Classic DILE is associated most commonly with procainamide, hydralazine, isoniazid, quinidine, and chlorpromazine and is characterized by positive antihistone antibodies and negative anti-dsDNA antibodies. Anti-TNF agents can cause DILE that is antihistone antibody–negative and anti-dsDNA antibody–positive, serologically more consistent with SLE. Hypocomplementemia is more commonly associated with DILE due to TNF-α inhibitors.
      • Costa MF
      • Said NR
      • Zimmermann B
      Drug-induced lupus due to antitumor necrosis α agents.
      Anecdotally, the cornerstone of treatment is discontinuation of the offending agent, after which symptoms typically improve within weeks to months. However, systemic corticosteroids may be required.
      • Neradová A
      • Stam F
      • van den Berg JG
      • Bax WA
      Etanercept-associated SLE with lupus nephritis [letter].
      • Porfyridis I
      • Kalomenidis I
      • Psallidas I
      Etanercept-induced pleuropericardial lupus-like syndrome.
      • Abunasser J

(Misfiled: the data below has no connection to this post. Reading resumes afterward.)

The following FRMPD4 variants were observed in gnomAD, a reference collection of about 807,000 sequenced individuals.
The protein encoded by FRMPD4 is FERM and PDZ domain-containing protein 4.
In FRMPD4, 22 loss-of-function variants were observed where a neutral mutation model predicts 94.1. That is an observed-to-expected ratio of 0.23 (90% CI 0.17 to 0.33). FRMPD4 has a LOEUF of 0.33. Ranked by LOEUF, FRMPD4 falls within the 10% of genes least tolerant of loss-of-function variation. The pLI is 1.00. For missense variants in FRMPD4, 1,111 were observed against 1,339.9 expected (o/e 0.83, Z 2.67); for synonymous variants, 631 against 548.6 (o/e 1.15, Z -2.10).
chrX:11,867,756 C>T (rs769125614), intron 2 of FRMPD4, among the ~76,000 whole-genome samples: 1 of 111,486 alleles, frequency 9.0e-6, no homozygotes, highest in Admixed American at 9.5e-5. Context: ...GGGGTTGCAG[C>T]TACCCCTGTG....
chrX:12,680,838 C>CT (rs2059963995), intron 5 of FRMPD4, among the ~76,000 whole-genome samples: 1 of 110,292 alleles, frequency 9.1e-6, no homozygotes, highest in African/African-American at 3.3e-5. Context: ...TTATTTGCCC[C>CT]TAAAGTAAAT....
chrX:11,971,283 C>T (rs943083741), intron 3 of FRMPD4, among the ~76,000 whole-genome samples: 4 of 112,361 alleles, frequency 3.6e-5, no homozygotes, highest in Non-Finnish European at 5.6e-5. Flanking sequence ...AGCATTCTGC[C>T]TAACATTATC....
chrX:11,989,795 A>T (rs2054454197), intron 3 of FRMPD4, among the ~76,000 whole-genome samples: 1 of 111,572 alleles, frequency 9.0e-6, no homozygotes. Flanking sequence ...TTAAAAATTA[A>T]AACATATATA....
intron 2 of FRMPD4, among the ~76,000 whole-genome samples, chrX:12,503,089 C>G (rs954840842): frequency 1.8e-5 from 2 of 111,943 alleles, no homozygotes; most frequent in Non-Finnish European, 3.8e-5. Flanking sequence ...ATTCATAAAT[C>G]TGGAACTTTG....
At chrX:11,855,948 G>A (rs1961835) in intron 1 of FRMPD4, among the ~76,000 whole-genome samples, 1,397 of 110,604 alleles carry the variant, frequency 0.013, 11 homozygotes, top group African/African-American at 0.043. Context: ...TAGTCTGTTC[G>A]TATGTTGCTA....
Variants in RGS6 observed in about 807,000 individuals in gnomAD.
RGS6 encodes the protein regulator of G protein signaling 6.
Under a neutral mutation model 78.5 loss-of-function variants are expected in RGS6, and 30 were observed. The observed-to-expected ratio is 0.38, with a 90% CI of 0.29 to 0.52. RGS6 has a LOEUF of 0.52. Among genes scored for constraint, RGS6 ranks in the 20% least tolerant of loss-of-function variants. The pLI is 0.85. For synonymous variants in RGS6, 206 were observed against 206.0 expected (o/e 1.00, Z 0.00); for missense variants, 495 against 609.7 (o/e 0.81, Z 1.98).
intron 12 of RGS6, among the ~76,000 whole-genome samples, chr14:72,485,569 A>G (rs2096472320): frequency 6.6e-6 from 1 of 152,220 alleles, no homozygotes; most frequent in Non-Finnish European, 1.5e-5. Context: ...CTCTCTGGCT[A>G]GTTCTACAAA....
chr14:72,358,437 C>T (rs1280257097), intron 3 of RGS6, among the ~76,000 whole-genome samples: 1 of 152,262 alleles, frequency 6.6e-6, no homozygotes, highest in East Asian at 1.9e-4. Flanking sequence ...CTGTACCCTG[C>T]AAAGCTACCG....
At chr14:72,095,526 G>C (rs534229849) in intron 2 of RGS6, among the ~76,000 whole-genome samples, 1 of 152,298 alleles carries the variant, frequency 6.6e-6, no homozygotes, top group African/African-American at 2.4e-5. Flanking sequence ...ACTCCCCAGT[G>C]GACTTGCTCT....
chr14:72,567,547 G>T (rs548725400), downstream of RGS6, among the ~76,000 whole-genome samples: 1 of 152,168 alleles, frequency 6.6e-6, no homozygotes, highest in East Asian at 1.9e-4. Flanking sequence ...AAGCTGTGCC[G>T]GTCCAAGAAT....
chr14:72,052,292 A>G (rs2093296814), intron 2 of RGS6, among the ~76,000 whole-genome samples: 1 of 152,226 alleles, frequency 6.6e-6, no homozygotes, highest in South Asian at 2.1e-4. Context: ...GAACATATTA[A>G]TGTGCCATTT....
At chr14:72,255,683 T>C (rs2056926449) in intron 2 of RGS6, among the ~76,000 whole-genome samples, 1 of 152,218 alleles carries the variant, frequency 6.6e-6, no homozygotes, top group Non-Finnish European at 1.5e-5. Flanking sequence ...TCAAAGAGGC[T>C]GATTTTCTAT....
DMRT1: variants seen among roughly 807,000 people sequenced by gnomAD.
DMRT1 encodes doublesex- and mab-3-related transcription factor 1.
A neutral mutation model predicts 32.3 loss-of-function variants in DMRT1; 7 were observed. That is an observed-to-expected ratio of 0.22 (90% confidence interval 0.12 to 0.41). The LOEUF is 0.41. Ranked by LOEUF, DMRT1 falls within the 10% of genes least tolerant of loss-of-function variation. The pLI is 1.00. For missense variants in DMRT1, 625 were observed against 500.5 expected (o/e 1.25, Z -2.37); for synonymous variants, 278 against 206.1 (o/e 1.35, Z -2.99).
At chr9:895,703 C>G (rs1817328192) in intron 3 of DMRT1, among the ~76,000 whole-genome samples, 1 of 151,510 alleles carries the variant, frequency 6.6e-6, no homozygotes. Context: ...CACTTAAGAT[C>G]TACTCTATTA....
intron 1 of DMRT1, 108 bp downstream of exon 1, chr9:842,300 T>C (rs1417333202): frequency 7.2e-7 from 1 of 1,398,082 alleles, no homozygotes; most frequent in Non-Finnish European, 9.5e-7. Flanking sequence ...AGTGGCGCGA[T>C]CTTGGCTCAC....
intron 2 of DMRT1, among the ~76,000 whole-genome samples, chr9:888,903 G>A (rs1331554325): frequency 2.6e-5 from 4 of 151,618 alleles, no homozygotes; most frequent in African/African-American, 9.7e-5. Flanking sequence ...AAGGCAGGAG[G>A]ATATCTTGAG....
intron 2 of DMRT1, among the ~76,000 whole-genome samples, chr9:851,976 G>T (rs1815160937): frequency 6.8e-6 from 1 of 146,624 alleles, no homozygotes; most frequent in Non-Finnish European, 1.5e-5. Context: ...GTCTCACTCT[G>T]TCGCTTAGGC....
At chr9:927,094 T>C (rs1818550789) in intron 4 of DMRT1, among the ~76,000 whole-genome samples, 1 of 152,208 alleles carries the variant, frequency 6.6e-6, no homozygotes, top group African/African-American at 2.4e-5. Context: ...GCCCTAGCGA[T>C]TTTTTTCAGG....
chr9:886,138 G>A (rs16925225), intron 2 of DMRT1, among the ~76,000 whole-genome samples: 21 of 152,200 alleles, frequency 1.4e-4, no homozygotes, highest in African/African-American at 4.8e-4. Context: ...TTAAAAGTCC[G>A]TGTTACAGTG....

• Forouhar FA
      • Metersky ML
      Etanercept-induced lupus erythematosus presenting as unilateral pleural effusion.
      • Costa MF
      • Said NR
      • Zimmermann B
      Drug-induced lupus due to antitumor necrosis α agents.
      Infliximab is the most common culprit, with etanercept and adalimumab being less commonly implicated.
      • Costa MF
      • Said NR
      • Zimmermann B
      Drug-induced lupus due to antitumor necrosis α agents.
      Allthough it was ultimately unclear whether our patient had SLE, DILE due to etanercept, or both, we thought, given her failure to improve after discontinuation of etanercept, that her syndrome most likely represented SLE.
      Symptoms and signs of RA, SLE, and DILE overlap considerably. DILE may be induced by medications used to treat RA, such as anti-TNF agents. Determining the underlying etiology of clinical signs and symptoms in such cases requires a careful review of the clinical history, serologic data, and response to immunomodulatory agents.